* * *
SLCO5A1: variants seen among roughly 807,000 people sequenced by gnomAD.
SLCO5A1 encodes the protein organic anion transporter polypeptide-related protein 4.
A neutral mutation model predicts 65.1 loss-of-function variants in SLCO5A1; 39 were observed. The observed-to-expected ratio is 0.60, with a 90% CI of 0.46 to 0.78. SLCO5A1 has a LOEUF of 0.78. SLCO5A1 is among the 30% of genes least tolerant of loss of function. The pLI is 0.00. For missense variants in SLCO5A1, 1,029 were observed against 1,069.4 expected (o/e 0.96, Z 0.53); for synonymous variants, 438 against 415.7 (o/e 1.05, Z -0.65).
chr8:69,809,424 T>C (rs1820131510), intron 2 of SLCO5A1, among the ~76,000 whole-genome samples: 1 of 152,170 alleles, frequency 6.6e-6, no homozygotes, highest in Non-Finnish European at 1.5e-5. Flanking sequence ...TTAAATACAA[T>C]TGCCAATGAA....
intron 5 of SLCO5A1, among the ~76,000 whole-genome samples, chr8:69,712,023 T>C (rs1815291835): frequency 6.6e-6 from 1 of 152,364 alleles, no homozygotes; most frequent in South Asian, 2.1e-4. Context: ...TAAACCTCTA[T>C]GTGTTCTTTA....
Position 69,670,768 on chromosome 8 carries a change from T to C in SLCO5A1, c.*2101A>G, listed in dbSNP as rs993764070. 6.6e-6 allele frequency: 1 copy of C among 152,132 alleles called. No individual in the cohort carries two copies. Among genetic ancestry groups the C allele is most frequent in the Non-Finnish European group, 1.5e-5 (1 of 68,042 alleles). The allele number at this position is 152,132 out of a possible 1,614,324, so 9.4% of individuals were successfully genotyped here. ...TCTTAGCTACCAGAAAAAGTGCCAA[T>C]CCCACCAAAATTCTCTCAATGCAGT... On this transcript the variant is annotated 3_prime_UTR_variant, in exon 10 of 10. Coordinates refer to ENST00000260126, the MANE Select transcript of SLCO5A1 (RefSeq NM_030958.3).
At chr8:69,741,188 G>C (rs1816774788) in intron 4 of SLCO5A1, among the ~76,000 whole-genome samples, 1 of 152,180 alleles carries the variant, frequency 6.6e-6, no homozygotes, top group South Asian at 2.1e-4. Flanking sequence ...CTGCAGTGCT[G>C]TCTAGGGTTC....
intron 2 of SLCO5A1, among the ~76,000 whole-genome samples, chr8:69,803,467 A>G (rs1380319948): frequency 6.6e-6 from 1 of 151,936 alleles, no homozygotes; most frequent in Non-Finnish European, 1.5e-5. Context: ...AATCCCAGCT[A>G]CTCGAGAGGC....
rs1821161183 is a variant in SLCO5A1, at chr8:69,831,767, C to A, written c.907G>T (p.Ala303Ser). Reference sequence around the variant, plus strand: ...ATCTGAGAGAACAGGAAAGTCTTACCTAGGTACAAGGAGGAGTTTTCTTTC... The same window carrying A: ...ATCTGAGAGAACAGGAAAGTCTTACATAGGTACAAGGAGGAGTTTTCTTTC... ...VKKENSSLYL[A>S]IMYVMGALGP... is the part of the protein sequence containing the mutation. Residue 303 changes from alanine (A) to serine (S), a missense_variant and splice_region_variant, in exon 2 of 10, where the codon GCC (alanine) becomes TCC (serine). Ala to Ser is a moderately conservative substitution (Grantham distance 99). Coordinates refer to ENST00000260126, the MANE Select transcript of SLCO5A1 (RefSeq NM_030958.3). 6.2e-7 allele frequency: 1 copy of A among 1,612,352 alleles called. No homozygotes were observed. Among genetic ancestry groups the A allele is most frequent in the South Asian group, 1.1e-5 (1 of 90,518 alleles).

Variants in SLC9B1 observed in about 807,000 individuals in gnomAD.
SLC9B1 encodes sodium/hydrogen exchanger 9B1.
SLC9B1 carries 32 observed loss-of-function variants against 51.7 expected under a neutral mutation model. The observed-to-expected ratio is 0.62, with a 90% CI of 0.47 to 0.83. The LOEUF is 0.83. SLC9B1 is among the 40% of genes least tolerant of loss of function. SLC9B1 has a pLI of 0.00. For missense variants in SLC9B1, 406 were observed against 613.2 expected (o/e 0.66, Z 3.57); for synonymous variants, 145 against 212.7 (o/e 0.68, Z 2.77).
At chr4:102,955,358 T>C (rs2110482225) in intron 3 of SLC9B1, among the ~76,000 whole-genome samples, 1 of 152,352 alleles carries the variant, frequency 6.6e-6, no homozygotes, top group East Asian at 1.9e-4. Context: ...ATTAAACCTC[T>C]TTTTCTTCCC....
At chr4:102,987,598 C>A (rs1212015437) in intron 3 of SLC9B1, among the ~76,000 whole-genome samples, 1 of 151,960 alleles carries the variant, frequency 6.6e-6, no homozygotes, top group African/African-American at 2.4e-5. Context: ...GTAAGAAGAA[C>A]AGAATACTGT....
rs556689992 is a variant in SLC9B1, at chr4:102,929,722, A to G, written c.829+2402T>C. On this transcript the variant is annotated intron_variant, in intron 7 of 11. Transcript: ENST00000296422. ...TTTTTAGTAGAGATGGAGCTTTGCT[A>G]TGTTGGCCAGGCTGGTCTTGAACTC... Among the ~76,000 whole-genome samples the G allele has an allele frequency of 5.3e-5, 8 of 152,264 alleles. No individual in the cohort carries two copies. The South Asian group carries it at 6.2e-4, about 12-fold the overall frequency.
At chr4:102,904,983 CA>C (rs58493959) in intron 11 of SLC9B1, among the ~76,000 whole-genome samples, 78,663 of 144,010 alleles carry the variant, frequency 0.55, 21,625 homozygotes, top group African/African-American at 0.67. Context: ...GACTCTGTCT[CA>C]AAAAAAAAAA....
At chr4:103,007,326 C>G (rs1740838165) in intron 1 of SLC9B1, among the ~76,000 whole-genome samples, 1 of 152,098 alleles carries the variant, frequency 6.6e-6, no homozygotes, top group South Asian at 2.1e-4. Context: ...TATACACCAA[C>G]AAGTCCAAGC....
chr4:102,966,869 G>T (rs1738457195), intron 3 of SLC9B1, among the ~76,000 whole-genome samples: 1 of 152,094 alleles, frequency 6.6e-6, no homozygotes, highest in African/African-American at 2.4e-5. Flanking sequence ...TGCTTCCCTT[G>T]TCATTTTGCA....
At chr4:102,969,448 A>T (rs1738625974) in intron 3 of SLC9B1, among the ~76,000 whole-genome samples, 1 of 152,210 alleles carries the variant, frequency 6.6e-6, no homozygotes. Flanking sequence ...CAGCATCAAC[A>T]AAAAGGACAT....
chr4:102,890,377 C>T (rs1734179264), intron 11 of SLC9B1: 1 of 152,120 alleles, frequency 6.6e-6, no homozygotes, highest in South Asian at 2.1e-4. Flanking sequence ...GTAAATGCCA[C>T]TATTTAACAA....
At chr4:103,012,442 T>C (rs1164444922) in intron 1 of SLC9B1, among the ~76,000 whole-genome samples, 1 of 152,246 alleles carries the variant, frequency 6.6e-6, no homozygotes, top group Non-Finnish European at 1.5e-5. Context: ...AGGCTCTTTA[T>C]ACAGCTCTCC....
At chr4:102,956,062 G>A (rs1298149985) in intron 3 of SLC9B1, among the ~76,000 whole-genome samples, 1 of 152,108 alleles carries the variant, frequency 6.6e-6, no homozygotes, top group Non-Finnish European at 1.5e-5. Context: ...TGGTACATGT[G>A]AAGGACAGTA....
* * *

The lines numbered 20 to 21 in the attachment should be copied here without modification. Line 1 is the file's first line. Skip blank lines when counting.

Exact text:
chr4:102,890,377 C>T (rs1734179264), intron 11 of SLC9B1: 1 of 152,120 alleles, frequency 6.6e-6, no homozygotes, highest in South Asian at 2.1e-4. Flanking sequence ...GTAAATGCCA[C>T]TATTTAACAA....
At chr4:103,012,442 T>C (rs1164444922) in intron 1 of SLC9B1, among the ~76,000 whole-genome samples, 1 of 152,246 alleles carries the variant, frequency 6.6e-6, no homozygotes, top group Non-Finnish European at 1.5e-5. Context: ...AGGCTCTTTA[T>C]ACAGCTCTCC....